Silvestre: returns and rediscoveries with Hong Sang-soo, Nobuhiro Suwa, James Benning and Charlie Lyne

Nowadays documentary and fiction are abandoning mapped territories, to decide whether to expand or remain faithful to the traditional languages in their origin.

In this sense, the Silvestre section, faithful to its free-spirited nature, again confirms itself in the 2018 edition, as a privileged field for independent cinema with the creation of a competition with its own jury.

The same freedom is reflected in this year’s program of short and feature films showing an intense twelve months of production. Coming back to this section are some of the directors that were a part of IndieLisboa’s past and others who we believe will be part of its future.

The unpredictable Radu Jude uses Tara Moarta to address the topic of anti-Semitism in Romania in the 1930s and 1940s, and to mirror – through his intelligent eyes – human cruelty. An antidote to sadness can be found in Nobuhiro Suwa‘s Le Lion est mort ce soir, the sweetest and most beautiful death of Jean-Pierre Léaud on screen. We return to the soju and to the clear observation of Hong Sang-soo in Grass, to listen to conversations over coffee that reveal patterns of behavior and relationships. In Readers, James Benning gives us an opportunity to appreciate the quietness and tranquility of reading a book.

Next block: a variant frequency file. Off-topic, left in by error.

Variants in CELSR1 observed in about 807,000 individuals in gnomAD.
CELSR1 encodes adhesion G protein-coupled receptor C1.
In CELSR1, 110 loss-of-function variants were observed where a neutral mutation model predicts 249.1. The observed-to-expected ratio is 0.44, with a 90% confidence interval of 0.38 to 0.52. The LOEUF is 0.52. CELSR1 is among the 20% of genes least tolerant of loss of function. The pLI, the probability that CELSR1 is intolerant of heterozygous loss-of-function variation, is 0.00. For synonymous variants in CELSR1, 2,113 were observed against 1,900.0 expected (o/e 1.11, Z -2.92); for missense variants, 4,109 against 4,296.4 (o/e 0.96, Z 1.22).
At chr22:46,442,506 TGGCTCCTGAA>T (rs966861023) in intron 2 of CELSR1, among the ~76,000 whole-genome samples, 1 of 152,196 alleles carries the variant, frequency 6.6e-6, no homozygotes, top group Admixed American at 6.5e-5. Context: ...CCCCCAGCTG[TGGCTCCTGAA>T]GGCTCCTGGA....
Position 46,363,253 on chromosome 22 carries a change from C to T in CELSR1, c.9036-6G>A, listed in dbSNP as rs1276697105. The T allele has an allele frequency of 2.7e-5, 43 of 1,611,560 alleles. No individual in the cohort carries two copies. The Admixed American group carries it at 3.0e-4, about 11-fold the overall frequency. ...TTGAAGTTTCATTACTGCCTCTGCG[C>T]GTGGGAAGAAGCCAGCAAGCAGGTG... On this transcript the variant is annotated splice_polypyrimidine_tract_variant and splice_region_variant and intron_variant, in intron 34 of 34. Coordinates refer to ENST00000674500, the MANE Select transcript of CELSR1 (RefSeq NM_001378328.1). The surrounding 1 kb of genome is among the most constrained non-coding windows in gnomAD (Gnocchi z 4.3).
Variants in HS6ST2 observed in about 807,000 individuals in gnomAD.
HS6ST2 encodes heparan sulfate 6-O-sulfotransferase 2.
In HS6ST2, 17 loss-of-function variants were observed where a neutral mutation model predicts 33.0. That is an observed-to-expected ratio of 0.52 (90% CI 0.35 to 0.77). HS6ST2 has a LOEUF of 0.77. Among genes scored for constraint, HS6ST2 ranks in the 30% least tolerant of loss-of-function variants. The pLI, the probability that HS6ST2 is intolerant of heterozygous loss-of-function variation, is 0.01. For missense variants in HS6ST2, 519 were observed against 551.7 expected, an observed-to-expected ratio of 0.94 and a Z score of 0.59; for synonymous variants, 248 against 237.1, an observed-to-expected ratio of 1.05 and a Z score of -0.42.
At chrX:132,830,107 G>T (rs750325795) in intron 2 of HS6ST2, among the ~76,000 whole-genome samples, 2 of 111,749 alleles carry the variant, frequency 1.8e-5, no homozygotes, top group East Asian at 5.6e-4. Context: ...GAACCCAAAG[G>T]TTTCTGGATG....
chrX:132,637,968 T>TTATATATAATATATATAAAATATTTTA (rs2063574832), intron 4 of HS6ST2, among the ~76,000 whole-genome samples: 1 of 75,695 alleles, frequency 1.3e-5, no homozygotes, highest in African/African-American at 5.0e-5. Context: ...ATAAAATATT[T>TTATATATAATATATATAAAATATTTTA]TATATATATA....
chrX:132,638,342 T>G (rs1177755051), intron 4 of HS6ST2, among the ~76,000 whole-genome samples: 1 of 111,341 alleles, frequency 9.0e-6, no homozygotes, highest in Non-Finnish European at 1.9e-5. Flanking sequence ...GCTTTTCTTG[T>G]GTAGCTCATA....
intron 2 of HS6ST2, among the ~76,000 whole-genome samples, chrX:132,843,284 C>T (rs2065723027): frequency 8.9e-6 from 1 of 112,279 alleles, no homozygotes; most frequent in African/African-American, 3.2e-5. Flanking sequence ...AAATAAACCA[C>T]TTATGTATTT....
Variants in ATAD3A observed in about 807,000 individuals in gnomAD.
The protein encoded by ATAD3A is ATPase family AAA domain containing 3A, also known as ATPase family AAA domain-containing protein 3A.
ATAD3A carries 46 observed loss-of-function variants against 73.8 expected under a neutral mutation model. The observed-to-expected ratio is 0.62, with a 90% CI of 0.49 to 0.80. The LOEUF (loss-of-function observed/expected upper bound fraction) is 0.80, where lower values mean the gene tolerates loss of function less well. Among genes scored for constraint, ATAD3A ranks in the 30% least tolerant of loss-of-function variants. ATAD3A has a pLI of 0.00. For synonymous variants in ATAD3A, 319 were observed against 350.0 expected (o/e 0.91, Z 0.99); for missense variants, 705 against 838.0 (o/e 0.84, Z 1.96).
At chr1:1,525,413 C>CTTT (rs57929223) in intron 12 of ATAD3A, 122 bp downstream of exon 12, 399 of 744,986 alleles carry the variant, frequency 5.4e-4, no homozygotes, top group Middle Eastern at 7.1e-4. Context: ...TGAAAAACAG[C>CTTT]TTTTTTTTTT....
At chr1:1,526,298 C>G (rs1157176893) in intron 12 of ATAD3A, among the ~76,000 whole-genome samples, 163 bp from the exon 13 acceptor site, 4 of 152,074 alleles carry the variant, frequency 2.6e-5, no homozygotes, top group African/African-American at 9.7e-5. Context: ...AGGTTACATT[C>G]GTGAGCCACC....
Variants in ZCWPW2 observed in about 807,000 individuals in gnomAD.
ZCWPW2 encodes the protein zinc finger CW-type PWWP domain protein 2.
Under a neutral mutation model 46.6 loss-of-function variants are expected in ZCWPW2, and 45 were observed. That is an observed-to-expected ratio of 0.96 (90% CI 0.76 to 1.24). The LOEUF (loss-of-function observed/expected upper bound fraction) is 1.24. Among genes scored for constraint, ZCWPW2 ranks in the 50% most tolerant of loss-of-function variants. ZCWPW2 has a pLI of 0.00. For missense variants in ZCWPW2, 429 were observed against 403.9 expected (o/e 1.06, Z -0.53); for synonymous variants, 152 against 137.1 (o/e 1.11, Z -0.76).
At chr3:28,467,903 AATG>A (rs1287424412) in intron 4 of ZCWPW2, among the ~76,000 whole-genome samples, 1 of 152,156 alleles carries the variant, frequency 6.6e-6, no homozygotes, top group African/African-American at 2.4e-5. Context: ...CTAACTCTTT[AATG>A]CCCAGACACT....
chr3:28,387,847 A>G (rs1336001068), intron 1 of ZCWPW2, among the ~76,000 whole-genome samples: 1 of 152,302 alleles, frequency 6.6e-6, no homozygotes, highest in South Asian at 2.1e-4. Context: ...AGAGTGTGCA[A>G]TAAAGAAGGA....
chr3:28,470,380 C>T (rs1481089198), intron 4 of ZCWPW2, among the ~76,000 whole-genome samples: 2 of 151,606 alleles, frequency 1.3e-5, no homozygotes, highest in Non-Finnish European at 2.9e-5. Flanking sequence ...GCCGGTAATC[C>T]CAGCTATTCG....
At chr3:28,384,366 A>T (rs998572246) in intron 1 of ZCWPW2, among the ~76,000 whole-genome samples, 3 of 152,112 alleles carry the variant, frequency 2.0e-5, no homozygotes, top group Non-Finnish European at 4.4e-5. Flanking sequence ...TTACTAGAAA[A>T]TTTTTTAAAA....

Still in the feature films, we invite the public to rediscover the cinema of Matjaz Ivanisin in Playing Men, and Anthea Kennedy and Ian Wiblin in Four Parts of a Folding Screen.

In the short films, we highlight Painting with Joan by Jack Henry Robbins. With many short and feature films in his still short career, the son of Sarandon and Robbins who presented Hot Winter at IndieLisboa 2017 as an European debut, returns to the festival with Painting with Joan, which premiered this year at the Sundance Festival. The film tells the story of the presentation of a painting and conspiracy theories involving extraterrestrials and sex.

A Brief Spark Bookend by Darkness by Brent Green is another short film also coming from the Sundance festival by a director who was in competition (for feature films) in 2011. The inspired filmmaker adept of effects and technologies amidst love stories, comes back with a very simple and beautiful animation film.

Jodilerks de la Cruz, Employee of the Month, by Carlo Francisco Manatad, had its premiere at Cannes Critics’ Week. This Filipino director and editor, frequently present at IndieLisboa, returns to his usual themes, and with humor presents us the dedicated Jodilerks on her last day of work.

T.R.A.P. of Manque la Banca has just premiered in the competition at the Berlin Film Festival. Filmed with outdated film, creating an additional grain in the image, this story traveling within time is an evocatively poetic tribute to truly independent cinema.

With his characteristic boldness, in Personal Truth, Charlie Lyne (who has presented us the unforgettable Beyond Clueless) questions the inability of humans to avoid pursuing guilt, and how apparent realities easily turn into absolute truths.